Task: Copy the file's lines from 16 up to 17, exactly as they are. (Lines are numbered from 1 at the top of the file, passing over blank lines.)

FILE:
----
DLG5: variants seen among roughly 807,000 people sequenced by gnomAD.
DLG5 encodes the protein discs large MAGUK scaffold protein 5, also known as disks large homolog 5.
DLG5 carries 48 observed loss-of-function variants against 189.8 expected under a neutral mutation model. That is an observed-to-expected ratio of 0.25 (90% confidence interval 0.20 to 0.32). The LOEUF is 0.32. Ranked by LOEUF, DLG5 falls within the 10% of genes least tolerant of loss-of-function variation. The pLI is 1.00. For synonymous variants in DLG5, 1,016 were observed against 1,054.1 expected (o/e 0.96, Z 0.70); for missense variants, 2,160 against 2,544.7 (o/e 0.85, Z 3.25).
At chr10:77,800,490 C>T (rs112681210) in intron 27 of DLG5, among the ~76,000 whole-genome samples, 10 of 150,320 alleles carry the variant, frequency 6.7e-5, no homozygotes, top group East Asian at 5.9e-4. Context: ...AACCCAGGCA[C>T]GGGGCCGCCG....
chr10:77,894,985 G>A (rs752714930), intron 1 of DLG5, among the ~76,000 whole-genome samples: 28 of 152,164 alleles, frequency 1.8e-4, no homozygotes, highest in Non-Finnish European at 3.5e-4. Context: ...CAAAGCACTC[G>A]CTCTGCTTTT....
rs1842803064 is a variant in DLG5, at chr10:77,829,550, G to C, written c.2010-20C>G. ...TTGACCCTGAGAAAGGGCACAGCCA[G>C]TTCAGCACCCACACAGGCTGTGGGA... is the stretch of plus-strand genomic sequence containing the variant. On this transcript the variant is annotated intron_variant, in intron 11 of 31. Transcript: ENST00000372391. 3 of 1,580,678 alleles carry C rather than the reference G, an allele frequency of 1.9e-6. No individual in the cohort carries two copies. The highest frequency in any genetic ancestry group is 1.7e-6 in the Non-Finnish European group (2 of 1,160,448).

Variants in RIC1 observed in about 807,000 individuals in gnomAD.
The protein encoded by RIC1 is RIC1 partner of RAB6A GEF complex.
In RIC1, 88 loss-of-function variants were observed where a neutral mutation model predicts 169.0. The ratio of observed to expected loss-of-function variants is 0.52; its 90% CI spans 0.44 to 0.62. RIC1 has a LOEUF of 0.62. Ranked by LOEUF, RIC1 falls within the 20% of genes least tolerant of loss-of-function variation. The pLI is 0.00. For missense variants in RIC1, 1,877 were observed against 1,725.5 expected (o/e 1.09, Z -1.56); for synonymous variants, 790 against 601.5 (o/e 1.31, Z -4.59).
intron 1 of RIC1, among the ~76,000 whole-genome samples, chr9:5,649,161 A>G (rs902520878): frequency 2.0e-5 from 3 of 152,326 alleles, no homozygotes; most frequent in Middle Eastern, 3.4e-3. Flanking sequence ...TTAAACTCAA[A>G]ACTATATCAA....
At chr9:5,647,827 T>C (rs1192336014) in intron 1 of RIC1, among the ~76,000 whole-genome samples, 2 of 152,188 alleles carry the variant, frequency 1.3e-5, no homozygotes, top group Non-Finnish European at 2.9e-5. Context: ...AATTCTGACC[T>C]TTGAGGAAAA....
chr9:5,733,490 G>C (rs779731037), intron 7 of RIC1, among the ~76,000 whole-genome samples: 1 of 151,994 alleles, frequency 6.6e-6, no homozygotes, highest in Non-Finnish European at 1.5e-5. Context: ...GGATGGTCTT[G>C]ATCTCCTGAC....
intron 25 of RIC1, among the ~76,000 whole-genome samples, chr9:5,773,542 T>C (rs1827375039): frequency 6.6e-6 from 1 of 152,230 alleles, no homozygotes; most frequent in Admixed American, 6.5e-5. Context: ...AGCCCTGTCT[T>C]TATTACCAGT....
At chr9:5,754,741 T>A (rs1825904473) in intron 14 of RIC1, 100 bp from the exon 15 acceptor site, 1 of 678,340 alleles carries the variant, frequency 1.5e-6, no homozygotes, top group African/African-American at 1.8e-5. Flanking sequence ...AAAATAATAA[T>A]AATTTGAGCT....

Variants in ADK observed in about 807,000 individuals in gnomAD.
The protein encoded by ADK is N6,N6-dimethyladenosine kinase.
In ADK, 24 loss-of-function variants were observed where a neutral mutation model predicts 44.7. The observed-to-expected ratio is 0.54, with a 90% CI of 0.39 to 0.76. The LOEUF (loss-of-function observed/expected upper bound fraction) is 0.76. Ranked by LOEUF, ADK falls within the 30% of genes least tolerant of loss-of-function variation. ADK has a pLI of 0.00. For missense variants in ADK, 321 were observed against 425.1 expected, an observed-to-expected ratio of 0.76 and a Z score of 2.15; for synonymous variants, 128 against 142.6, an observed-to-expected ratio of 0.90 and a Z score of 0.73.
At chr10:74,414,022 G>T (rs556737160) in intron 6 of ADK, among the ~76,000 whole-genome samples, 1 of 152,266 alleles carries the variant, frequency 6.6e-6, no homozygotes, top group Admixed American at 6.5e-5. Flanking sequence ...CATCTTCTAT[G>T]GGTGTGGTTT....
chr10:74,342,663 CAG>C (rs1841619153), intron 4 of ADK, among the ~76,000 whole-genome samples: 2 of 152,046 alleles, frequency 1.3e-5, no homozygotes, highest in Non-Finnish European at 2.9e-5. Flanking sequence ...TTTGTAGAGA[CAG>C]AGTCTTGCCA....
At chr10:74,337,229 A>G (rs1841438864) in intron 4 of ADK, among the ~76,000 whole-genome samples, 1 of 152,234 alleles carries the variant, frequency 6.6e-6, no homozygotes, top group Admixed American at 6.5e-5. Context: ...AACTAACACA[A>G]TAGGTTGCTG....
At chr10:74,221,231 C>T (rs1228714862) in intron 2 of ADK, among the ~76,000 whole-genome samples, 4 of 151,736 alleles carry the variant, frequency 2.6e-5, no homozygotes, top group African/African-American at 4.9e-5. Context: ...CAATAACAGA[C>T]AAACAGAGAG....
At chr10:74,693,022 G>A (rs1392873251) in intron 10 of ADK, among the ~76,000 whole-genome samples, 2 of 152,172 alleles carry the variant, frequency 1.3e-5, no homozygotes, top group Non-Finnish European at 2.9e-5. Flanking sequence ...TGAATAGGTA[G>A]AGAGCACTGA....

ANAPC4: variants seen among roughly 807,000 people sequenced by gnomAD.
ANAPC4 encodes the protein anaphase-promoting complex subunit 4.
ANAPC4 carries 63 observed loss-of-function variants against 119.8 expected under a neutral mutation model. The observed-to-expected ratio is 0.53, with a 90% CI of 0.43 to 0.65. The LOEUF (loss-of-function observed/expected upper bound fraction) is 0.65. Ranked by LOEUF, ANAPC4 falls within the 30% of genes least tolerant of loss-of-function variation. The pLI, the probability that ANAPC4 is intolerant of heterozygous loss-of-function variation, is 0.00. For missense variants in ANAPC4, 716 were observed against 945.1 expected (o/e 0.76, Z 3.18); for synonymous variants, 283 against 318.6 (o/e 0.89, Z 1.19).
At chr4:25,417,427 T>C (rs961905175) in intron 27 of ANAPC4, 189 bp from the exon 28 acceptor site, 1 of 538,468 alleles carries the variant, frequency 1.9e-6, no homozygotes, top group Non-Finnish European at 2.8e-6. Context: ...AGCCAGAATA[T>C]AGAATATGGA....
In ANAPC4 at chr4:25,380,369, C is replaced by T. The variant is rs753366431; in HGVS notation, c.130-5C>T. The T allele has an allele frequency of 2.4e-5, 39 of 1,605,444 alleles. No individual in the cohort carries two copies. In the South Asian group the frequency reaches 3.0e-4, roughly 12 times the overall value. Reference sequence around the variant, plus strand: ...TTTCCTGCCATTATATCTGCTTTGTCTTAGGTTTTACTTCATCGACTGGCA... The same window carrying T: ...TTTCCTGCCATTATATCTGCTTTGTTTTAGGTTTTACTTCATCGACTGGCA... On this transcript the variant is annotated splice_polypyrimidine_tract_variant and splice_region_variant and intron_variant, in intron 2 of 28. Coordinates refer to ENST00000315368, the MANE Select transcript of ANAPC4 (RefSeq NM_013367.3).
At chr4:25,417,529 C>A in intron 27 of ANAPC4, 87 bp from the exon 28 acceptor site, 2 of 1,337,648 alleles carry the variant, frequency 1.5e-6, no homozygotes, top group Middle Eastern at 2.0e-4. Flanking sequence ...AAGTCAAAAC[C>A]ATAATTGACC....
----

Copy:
The protein encoded by ADK is N6,N6-dimethyladenosine kinase.
In ADK, 24 loss-of-function variants were observed where a neutral mutation model predicts 44.7. The observed-to-expected ratio is 0.54, with a 90% CI of 0.39 to 0.76. The LOEUF (loss-of-function observed/expected upper bound fraction) is 0.76. Ranked by LOEUF, ADK falls within the 30% of genes least tolerant of loss-of-function variation. ADK has a pLI of 0.00. For missense variants in ADK, 321 were observed against 425.1 expected, an observed-to-expected ratio of 0.76 and a Z score of 2.15; for synonymous variants, 128 against 142.6, an observed-to-expected ratio of 0.90 and a Z score of 0.73.